Tucker & Dale vs. Evil (2010)
★★ / ★★★★
A group of college students were driving up to the mountain to have some fun when they encountered two hillbillies, Tucker (Alan Tudyk) and Dale (Tyler Labine), in a gas station. Having seen a lot of scary movies and heard of stories about grizzly murders in the woods, the college kids couldn’t help but translate Tucker and Dale’s every action as a possible chance to kidnap or kill them. In truth, the duo were only there because Tucker had recently bought a vacation home, a cabin, and they could use a bit of relaxation before heading back to work. “Tucker & Dale vs. Evil,” written by Eli Craig and Morgan Jurgenson, directed by the former, had a chance to really sink its teeth in horror movie clichés about hillbillies being nothing but churlish, incestuous, often cannibalistic, folks but it ultimately felt superficial because the one-liners and the physical stunts lacked range. The set-up was this: The young men and women were so stupid, they ended up killing themselves by accident. Cut to Tucker and Dale’s shocked and horrified reactions. The material was very funny during its initial gags, but the filmmakers failed to detach from the formula, ironically constructing its own clichés by making fun of clichés. The title promised the two friends fighting evil. After they rescued Allison (Katrina Bowden) from drowning, Allison’s friends thought that she was kidnapped because they observed from afar. This triggered Chad (Jesse Moss), innately irascible and shamelessly sporting an ugly popped collar, into a state of rage to the point where he ended up being as ruthless as the murderers his group of friends feared. The movie wasn’t specific in the “evil” that Tucker and Dale had to fight. Was it the negative stereotypes regarding hillbillies that became embedded in the genre’s bones over the history of cinema? Was it the apocryphal placidity in hateful individuals, who lived in the suburbs or cities all their lives, and their secret yearnings of violence just waiting to be unleashed? Furthermore, it failed to acknowledge that stereotyping can be a good thing; it helps our mind to process information faster than it normally would. For instance, they allow us to respond quickly to potential dangers. Relying on stereotypes and neglecting to put more thought into them, hence failing to sympathize with others who are different, is the real tragedy. If the screenplay had focused more on that message, tragedies even outside of horror movie conventions could have been effortlessly highlighted. The story really shouldn’t have been about the body count. Allison was in the process of getting her Bachelor’s degree in Psychology, hoping to establish a career as a counselor. I expected her to be more self-aware. The subplot involving Dale and Allison falling for each other was a nuisance, almost worthy of a dozen eye-rollings. Wouldn’t it have been too much to ask if they didn’t pine for each other so profusely? With every bloody confrontation between the hillbillies and the college students, it was interrupted by Dale having to explain to Allison what had transpired. Given that we just saw what happened, the little summaries felt repetitive and I started to wonder if the filmmakers were simply biding their time to push the material to a typical ninety-minute mark because the script became indigent of fresh ideas that cut deeper than boning knives.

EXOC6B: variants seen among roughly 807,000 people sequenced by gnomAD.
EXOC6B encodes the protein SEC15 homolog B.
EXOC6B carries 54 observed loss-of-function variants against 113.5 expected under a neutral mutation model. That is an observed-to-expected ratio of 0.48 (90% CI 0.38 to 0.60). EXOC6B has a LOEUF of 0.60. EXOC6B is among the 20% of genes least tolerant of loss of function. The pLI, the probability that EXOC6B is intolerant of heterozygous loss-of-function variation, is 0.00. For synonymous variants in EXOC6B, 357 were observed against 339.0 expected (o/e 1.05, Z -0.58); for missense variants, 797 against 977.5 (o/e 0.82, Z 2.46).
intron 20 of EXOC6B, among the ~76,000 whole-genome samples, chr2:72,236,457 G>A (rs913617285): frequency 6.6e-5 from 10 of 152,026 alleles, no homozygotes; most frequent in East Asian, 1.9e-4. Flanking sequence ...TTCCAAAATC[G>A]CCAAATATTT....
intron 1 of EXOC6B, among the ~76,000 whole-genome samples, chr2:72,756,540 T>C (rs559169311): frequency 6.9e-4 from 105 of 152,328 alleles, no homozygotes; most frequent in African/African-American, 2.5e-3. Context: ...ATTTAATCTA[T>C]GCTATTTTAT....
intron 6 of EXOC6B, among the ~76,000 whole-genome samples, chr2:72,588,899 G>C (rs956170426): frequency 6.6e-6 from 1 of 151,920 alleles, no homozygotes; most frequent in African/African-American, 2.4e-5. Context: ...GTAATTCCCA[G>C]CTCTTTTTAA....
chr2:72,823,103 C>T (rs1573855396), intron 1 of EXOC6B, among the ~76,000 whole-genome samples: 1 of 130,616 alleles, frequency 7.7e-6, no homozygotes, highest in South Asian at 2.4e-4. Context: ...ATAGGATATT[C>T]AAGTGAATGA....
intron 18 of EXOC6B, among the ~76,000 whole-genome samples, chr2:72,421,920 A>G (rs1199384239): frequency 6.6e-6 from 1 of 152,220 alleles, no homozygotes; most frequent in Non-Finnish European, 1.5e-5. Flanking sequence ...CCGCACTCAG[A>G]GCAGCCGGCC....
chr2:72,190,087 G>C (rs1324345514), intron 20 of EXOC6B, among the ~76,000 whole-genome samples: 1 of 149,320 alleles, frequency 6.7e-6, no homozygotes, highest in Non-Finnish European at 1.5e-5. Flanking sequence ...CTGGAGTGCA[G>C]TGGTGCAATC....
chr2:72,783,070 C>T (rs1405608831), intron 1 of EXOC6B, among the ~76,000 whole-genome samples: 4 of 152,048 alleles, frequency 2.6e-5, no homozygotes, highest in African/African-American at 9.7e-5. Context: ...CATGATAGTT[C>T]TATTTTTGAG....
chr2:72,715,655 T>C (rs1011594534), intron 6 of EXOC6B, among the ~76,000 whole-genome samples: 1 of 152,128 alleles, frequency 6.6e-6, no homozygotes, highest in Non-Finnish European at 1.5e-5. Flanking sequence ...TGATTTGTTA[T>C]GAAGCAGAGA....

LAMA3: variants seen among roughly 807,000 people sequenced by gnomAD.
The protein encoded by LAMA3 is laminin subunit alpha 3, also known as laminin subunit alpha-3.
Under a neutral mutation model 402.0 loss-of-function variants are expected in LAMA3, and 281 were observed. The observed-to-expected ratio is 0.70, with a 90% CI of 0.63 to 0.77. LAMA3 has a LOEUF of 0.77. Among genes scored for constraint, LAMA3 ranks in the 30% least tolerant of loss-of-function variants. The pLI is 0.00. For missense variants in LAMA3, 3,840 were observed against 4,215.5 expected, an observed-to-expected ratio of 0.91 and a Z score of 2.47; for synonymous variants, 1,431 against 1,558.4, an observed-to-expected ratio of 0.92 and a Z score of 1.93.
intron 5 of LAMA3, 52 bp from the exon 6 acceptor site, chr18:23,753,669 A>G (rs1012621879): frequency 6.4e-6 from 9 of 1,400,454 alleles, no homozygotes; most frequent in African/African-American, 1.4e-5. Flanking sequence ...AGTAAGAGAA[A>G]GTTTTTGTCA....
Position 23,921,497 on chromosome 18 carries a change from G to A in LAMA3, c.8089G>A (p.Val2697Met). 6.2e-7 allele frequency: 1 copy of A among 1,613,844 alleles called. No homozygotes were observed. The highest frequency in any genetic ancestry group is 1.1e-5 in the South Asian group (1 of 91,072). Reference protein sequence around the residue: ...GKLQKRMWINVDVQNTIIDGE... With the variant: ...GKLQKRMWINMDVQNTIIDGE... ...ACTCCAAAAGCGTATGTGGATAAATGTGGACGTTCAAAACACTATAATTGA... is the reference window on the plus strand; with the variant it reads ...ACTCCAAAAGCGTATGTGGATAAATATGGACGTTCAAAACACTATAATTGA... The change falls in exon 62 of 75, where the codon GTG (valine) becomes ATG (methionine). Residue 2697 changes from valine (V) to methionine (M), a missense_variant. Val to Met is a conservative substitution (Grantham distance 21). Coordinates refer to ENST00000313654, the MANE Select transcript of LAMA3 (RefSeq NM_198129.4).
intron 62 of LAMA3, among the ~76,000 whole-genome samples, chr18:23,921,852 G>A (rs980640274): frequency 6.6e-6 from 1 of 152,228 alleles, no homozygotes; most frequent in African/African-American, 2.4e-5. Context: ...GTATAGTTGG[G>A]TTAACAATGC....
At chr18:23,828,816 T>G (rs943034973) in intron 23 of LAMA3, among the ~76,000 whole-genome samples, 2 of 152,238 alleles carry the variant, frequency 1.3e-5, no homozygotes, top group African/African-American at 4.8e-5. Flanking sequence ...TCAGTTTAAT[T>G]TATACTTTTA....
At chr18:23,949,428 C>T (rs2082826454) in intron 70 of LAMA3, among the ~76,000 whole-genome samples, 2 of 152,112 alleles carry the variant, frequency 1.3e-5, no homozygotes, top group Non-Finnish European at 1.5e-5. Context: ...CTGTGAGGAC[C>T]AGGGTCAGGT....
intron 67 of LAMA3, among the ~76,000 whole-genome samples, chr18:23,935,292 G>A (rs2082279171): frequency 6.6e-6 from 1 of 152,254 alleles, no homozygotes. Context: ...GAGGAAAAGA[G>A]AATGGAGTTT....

Dance Flick (2009)
★★ / ★★★★
Damien Dante Wayans directed this parody about a girl (Shoshana Bush) who moves to the city with her father after her mother dies on the way to her dance audition. With the help of a friend (Essence Atkins), she’s able to meet others, open up a little more and fall for a guy (Damon Wayans Jr.). If that sounds familiar, that’s because that’s pretty much what “Save the Last Dance” was about. But this movie takes it a bit further by adding in “Step Up,” “Step Up 2 the Streets,” “High School Musical,” and “Hairspray” into the mix with occassional popular references to icons such as Britney Spears, Halle Berry, and the like. As accessible as those references were, I liked that Wayans added some less popular jokes such as from movies like “Black Snake Moan.” As idiotic as this movie was, I somewhat enjoyed it because I saw it when I was in the mood for watching something where I don’t have to think. I also liked the fact that it showed some vignettes where it revealed the stupidity of the plot or meaningful of certain dance movies. For instance, in “Step Up 2 the Streets,” people constantly had to fight for “respect” (whatever that means) instead of focusing on issues that would most likely impact their futures like education and working toward achieving something most people would assume to be impossible. This movie’s ability to bluntly present issues like that made me like it because I hardly think fighting for so-called respect should be the main drive of young people today. Still, the movie consistently lost focus such as whenever it would refer to something ridiculous like “Twilight.” In my opinion, if such in-your-face spoof pictures should stay in their own universe. That glaring decision to show something so out of the blue was not only unfunny, it also reflects desperation. “Dance Flick” could have been so much more fun if it had its act together. After all, there are a lot of dance movies out there to make fun of because they take themselves too far. The difference between those and this movie is that “Dance Flick” knows it’s being ridiculous.
Crank: High Voltage (2009)
★★ / ★★★★